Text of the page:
A senior lawmaker wants more action from Hollywood against smoking, and the Motion Picture Assn. of America pledged to try opening a direct dialogue on the issue.
During a House subcommittee hearing on Friday examining images children see in the media, chairman Ed Markey (D-Mass.) asked MPAA topper Dan Glickman if he would talk with member studios about the following:
- Including antismoking public service announcements on DVDs.
Certifying that no one involved during a production received anything of value for using or displaying tobacco in the film.
- Eliminating tobacco brand imagery from movies.
While noting that these would all be decisions for the individual studios to make, Glickman proposed that studio representatives talk directly with Markey about each.
In May, the MPAA announced that it would begin considering smoking as a factor in rating movies. Many, including Markey, praised that step, but questions remained.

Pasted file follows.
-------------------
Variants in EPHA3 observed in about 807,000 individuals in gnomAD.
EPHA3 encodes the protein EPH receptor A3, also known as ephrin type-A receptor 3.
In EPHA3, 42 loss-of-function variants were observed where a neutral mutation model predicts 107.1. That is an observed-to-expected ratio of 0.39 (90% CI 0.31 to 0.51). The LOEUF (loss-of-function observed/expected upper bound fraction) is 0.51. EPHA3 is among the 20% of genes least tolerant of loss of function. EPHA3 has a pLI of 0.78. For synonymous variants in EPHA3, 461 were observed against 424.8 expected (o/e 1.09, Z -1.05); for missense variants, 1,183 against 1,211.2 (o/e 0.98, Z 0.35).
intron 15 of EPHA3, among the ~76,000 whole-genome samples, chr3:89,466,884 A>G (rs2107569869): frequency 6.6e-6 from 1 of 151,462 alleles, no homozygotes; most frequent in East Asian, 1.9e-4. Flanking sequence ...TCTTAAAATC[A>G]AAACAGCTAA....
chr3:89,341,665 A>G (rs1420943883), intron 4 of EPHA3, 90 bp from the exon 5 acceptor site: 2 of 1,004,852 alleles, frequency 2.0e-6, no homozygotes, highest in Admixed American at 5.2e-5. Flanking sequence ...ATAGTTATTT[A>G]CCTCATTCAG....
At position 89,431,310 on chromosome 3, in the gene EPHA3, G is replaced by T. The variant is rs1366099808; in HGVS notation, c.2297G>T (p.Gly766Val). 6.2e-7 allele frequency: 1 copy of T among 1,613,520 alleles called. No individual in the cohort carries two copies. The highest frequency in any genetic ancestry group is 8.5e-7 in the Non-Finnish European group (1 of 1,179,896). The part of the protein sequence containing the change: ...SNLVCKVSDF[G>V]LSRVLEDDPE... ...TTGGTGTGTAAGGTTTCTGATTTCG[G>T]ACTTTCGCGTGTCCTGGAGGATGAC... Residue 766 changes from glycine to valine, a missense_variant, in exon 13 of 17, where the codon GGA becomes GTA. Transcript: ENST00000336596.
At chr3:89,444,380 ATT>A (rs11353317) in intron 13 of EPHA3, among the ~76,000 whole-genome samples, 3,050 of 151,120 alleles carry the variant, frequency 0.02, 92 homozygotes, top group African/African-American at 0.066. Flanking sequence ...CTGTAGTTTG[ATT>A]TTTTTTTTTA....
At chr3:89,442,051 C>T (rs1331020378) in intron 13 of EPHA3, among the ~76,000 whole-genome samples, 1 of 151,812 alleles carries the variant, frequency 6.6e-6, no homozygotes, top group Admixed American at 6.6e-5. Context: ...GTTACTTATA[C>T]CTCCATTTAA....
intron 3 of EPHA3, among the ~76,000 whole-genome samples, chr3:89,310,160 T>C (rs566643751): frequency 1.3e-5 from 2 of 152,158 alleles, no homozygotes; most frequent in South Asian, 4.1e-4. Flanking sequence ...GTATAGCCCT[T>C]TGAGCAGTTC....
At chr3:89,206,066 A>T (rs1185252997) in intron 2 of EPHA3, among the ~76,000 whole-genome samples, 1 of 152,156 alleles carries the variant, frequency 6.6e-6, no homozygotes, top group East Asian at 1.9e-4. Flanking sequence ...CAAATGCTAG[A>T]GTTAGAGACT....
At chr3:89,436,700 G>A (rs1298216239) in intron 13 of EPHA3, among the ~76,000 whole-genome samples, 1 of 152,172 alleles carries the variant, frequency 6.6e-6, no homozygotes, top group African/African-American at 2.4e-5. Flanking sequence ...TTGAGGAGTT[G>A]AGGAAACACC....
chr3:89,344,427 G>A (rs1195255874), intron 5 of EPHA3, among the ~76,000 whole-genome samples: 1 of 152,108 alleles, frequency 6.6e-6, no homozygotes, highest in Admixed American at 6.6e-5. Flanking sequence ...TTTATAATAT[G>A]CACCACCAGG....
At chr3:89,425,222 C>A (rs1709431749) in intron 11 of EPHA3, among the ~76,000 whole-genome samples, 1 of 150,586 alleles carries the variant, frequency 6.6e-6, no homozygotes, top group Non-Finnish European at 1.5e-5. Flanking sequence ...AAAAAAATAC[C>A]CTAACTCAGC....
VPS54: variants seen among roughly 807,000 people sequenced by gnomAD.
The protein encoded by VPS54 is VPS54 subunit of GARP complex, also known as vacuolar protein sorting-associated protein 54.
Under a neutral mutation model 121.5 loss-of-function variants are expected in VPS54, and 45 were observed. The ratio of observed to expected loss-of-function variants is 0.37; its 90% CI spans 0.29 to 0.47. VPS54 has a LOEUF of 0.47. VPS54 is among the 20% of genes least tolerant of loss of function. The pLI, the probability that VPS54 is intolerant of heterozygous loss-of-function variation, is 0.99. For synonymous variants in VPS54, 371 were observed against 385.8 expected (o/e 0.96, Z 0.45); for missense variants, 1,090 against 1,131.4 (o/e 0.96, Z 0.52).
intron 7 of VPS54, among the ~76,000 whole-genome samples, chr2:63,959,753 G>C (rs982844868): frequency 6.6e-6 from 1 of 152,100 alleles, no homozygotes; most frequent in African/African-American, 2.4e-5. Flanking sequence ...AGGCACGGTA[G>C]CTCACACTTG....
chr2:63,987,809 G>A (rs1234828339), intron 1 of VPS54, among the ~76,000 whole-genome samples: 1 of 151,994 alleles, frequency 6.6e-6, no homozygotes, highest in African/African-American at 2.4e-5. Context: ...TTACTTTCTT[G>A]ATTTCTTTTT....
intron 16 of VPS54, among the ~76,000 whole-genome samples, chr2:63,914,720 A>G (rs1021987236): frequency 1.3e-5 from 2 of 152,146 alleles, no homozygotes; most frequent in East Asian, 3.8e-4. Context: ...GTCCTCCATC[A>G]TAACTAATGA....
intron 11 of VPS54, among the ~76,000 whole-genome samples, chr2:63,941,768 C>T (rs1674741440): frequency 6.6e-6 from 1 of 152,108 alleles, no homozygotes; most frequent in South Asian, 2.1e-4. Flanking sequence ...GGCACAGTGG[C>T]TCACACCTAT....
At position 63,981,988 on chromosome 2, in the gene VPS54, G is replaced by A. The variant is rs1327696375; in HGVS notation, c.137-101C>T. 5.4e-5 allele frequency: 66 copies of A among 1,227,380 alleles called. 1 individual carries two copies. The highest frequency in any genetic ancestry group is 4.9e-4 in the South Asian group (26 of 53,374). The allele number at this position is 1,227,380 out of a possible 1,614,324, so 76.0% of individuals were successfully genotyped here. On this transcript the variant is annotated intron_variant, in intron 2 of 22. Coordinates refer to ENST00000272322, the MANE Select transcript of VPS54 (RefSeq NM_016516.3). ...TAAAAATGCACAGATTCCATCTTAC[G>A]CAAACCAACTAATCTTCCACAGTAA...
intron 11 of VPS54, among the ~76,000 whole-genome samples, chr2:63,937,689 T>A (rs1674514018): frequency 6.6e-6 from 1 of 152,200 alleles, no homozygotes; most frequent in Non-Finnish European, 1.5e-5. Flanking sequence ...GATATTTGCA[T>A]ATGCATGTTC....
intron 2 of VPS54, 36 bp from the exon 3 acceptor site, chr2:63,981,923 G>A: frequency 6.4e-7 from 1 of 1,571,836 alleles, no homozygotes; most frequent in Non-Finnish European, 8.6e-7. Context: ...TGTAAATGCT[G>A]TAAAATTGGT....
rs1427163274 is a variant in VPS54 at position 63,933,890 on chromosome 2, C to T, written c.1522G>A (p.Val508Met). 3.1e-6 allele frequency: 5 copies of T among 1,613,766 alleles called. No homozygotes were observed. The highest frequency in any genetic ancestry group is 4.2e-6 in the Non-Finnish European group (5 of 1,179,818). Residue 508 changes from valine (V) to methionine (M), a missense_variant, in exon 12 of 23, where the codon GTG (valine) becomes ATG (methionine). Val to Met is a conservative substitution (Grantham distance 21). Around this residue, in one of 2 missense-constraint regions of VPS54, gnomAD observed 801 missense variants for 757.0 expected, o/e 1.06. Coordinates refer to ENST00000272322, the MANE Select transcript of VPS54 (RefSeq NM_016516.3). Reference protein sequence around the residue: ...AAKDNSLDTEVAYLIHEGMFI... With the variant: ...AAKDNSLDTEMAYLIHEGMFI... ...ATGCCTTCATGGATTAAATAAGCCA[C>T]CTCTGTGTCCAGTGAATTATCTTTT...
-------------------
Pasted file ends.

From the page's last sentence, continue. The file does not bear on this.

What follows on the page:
As Markey said in his opening statement, “It is unclear how this policy will be implemented. For instance, will depictions of smoking automatically get an R, or will that rating only be given to a movie with a certain level or type of smoking?”
American Legacy Foundation prexy Cheryl Healton, who also appeared before the subcommittee, dismissed the MPAA announcement as “wholly inadequate” and a “hesitant half step.” “The policy contains no objective standards or commitment to actually do anything,” she added. Glickman said that studios are committed to reducing scenes that glamorize smoking in movies but that such goals need to be balanced against concerns for artistic freedom. He also said that Hollywood has accepted no money from a tobacco company for product placement in a movie.
“Why not have studios come talk to you?” Glickman said after Markey asked him whether the studios would consider his three proposals. Markey said he would welcome that.
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